April 1st 2006


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Articles from this issue:

COVER STORY: The lessons of Cyclone Larry

EDITORIAL: Elizabeth and the future of the monarchy

CANBERRA OBSERVED: Beazley - federal Labor's last best hope?

INTERNET: Labor's mandatory filtering pledge

NATIONAL SECURITY: When a search warrant becomes a death warrant

ENERGY: U.S. investors head for ethanol industry

STRAWS IN THE WIND: Emperor's new clothes / Tokenism to vandalism / West Papua - here come the people smugglers / heaven help the working man

CHARTER OF RIGHTS: Sneaking through a radical agenda

VICTORIA: School textbook vilifies Christianity

SOUTH AUSTRALIA: Liberal debacle in SA election

TASMANIA: Greens lose out in Tasmanian poll

AVIAN FLU: China obstructs fight against flu pandemic

OPINION: What is behind the rise of European anti-Semitism?

Not anti-capitalist (letter)

Kernot affair the start of the Democrats' rot (letter)

Forces of evil at work (letter)

Disturbance in the force (letter)

CINEMA: Brokeback Mountain - a case of sour grapes

BOOKS: THE PHILOSOPHY OF FRIENDSHIP, by Mark Vernon

BOOKS: THE NARNIAN: The Life and Imagination of C.S. Lewis, by Alan Jacobs

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VICTORIA:
School textbook vilifies Christianity


by Bill Muehlenberg

News Weekly, April 1, 2006
The politically-correct education establishment thinks nothing of attacking Western civilisation and the Christian faith, writes Bill Muehlenberg.

It seems that the historical revisionists and terrorist-appeasers are at it again. A recent Victorian textbook has made a comparison between the Crusades and the September 11 terrorist attacks. Defenders of the textbook say it is merely being deliberately provocative and designed to spark debate.

The text, Humanities Alive 2, is aimed at Year 8 students. The Victorian president of the Australian Education Union, Mary Bluett, defended the book saying it was meant to spark discussion and tease out ideas from students.

But there are two major problems here. One is the deliberate rewriting of history and distortion of fact. The second concerns yet another attack on Christendom and Western civilisation.

The Crusades

Concerning the first, one can begin by saying that the Crusades were not a highlight of either Christian or Western history. But they do have a context which must be understood.

First, a few facts. In all there were seven major Crusades, beginning in 1095 when Pope Urban II called the first Crusade, and finishing in 1291. Looked at one way, the Crusades were simply the reaction of the Christian West to more than three centuries of Islamic expansion, mistreatment of Christian populations in the Holy Lands, and harassment of religious pilgrims.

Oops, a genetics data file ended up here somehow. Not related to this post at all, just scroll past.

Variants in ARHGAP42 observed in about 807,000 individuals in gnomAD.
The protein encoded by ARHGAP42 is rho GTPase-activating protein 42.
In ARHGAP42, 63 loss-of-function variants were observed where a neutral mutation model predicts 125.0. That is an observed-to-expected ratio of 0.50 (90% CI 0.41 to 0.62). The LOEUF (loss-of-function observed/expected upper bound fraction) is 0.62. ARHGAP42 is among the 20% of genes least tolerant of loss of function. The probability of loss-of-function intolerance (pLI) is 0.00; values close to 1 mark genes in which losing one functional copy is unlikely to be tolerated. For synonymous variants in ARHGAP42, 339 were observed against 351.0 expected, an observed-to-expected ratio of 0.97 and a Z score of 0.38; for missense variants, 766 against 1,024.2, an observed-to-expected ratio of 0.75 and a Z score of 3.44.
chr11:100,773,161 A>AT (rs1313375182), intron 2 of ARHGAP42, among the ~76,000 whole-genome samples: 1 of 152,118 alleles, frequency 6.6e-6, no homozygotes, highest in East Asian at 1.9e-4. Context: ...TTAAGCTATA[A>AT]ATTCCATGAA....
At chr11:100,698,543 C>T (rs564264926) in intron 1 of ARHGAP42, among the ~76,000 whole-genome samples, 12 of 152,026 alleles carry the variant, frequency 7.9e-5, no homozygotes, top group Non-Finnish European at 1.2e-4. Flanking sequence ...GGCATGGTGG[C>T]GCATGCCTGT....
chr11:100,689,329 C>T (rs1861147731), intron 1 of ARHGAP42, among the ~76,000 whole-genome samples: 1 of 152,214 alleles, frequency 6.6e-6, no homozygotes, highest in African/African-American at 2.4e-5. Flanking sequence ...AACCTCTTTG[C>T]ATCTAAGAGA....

Did unnecessary bloodshed take place at the hands of the Crusaders? Absolutely. And in some ways it was worse than the equally horrible bloodshed committed by Muslims, because it was not justifiable by Christian beliefs. Indeed, later Christians were to repudiate concepts of holy war altogether, as they developed a more humane "just war" theory.

Moreover, there was a mixture of religious and secular motivations - good and bad reasons - behind the Crusades. Four hundred years earlier, the Muslims conquered Palestine by the force of the sword. Christians were often prevented from going on pilgrimage to visit the holy places, and many were killed when they tried to do so. Christians in Jerusalem often suffered terribly under the Muslims. So many Christians wanted to reclaim the Holy Lands from Muslim rule.

But to equate this with what happened on September 11 is ludicrous. Indeed, one can argue that September 11 was a continuation of the principle of Islamic expansion, begun 1400 years earlier - the very thing the Crusaders were responding to.

As I mentioned, the principle of just war developed out of Christian - and Greek - thinking, which among other things made a clear demarcation between civilians and soldiers. Non-combatant immunity has always been a principle of just war theory. But such distinctions were lost on September 11, as with most terrorist attacks. In these, civilians are deliberately sought out. They are the target, not just innocent bystanders caught up in the fighting.

Of equal concern with this textbook episode is that this is but another tedious example of how far to the left our teaching establishment has come, and how many of our educational elite simply despise their own heritage and culture. This anti-Christian, anti-Western mindset is characteristic of our politically correct education establishment.

Of course, they argue that they are just trying to get our students to think. Oh yeah? Does that mean that we can expect a textbook equating the rise of Islam with the rise of National Socialism, just to "spark debate"?

Will we soon be seeing textbooks comparing the Green movement with the Ku Klux Klan in order to be "deliberately provocative"? Or will we have textbooks drawing parallels between Aboriginal dreamtime spirituality and the Raëlian cult in order to help students "tease out ideas"?

Somehow, I don't think so. It has been open season on Western civilisation and the Christian faith for some time now, but plenty of other groups and ideologies will never suffer similar treatment.

Crying censorship

The president of the History Teachers Association has said they couldn't sit down and "review every textbook that comes out". But if the above three comparisons were found in our textbooks, they would be demanding our children be protected from such outrageous material.

But such are the double-standards of the radical-left PC brigade. And such are their self-loathing and culture-bashing as well. But our children should not have to suffer as a result of the PC crusade to promote this radical agenda.

  • Bill Muehlenberg




























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